Bring on the Hummingbirds

We've always had a couple of hummingbirds in the yard, mostly hanging out over by the trumpet vine. Last year was hard on them, with The Pile and all, and only one of them came back this year, alas. Fortunately, he* has been enjoying the flowers in the garden, and sometimes he swoops up and hovers in the air in front of me, looking me right in the eye. It's awfully cute, if not precisely friendly (usually when wild animals look you in the eye they are about to attack).

To stay on cordial terms, I put in a feeder for him:

Hummingbird feeder

I don't buy commercial nectar for it: the stuff is expensive and so totally unnecessary. The purpose of the feeder is to offer the hummingbird sugar water so it has enough energy to catch bugs, which are the nutritional part of its diet. Nectar is basically just sugar, and the hummingbird doesn't need anything more from it.

I fill the feeder with a simple syrup made by boiling water and stirring sugar into it (in a 4:1 :: water:sugar ratio). I could have used red food colouring, but why bother? The hummingbirds will be just as attracted to the shiny copper feeder, and I hate feeding chemical colourings to wild animals, whether it is harmful or not. Also, hummingbirds are very spatially smart and have an excellent ability to return to sources of nectar in their territory as needed. Once the hummingbird knows where the feeder is, they don't rely on appearance to tell them anything at all.

So clear syrup it is. I make a lot of it at a time, because it's easy enough to do and it makes it faster to change the syrup regularly. This week I made about a gallon, storing the extra in the refrigerator in a marked bottle. Usually I make a wine bottleful. Generally my hummingbird doesn't drink enough in between changes of syrup to use more than a quarter of the feeder, three of which fit in a wine bottle. (Hummingbirds are territorial, so I can't expect more than just the ones whose territory overlaps with the location of my feeder, and right now that seems to be one.)

The reason I don't fill the feeder up to the top and then wait for the hummingbirds to finish it before refilling is that the big concern for hummingbirds is a fresh, clean food supply. The syrup should be replaced every few days, the feeder carefully washed in hot water (and occasionally a mild bleach solution) to get rid of any bad things that might make the birds sick or just make the syrup smell bad. When hummingbirds abandon a feeder during the summer, it is usually because it was not kept fresh and clean.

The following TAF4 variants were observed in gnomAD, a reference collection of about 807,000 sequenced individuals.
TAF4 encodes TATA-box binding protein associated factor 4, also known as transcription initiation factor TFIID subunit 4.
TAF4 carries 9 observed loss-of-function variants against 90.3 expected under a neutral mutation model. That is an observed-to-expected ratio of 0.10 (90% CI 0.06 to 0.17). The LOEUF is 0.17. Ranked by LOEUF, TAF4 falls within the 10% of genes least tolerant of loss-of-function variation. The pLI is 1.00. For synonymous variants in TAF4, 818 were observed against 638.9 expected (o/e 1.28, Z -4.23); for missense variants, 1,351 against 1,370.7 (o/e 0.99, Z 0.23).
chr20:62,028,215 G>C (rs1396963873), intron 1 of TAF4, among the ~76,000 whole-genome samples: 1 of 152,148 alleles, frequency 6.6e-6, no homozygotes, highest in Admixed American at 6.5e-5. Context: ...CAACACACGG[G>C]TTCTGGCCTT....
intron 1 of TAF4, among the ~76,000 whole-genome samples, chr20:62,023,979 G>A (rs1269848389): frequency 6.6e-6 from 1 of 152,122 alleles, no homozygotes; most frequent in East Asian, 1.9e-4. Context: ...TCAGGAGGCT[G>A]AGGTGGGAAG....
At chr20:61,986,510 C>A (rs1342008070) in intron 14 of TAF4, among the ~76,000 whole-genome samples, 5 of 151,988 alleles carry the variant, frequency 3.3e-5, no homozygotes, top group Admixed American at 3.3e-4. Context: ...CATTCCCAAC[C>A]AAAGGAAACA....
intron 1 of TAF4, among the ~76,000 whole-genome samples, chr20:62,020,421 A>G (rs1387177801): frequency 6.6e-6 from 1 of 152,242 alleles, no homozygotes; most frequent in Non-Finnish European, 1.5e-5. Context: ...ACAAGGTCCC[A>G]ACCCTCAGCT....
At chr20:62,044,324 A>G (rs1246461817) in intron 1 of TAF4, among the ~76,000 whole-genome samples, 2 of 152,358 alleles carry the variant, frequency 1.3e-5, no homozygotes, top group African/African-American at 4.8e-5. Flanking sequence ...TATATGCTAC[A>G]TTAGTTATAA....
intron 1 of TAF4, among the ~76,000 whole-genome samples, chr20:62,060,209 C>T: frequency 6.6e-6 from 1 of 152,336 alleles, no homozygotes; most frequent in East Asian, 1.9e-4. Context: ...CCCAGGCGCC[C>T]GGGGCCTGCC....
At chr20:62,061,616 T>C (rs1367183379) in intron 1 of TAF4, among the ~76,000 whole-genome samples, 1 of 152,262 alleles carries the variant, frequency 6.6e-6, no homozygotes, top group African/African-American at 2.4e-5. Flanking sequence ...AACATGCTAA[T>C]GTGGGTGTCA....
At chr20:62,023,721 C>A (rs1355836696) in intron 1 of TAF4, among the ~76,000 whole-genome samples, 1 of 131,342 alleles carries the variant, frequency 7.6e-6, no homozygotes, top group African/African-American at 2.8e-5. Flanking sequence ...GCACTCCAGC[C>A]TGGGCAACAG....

I'm planning to get a couple more feeders: one for the front garden, and one for the dahlia bed, just to even out the availability for the birds around us and maybe attract another hummingbird or two.

*No, I have no idea whether the hummingbird is really male. I just say he because I think hummingbirds -- most birds, actually -- look male. And whatever.

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posted by ayse on 07/14/06

4 Comments

We saw a hummingbird the other day and were considering getting a feeder. My mother-in-law has several feeders at her house, and one day while we were outside, dozens of hummingbirds starting flying around eating from the feeders. I got some neat pictures of them. I'd never seen so many in one place before.

Our hummingbirds consistently ignore any feeder in favor of our hideous Salvia leucantha. They also ignore most of the attractive plants they are supposed to love. They do dabble with the fuschia, lemon tree, Leonotis, and some other salvias.

The males are the pretty ones.

He must be male then: he's all shiny and lovely. The other was kind of dun coloured; I assume that was a female.

I put up another feeder today and he immediately came swooping down out of the Sequoia down the street to check it out. I hadn't noticed it before (because my eyesight is good but not THAT good), but apparently he sits on one particular branch in that tree all the time, because he's been there almost every time I've looked up.

He also likes the new lawn sprinklers, because they make a fine mist.

One thing to be aware of when you site a feeder is that male hummers can be very territorial and if the feeder is next to or near a window (especially a large one), it's quite possible he'll dive bomb his own reflection mistaking it for a rival and do himself harm. We've had several kamikaze flyers die this way at our cabin - and the feeder was 5 - 10 feet away from the house in a tree, so we stopped feeding them. (I mention it b/c i couldn't tell if the feeder was attached to a post or a window frame.) Enjoy your fancy flyers!!

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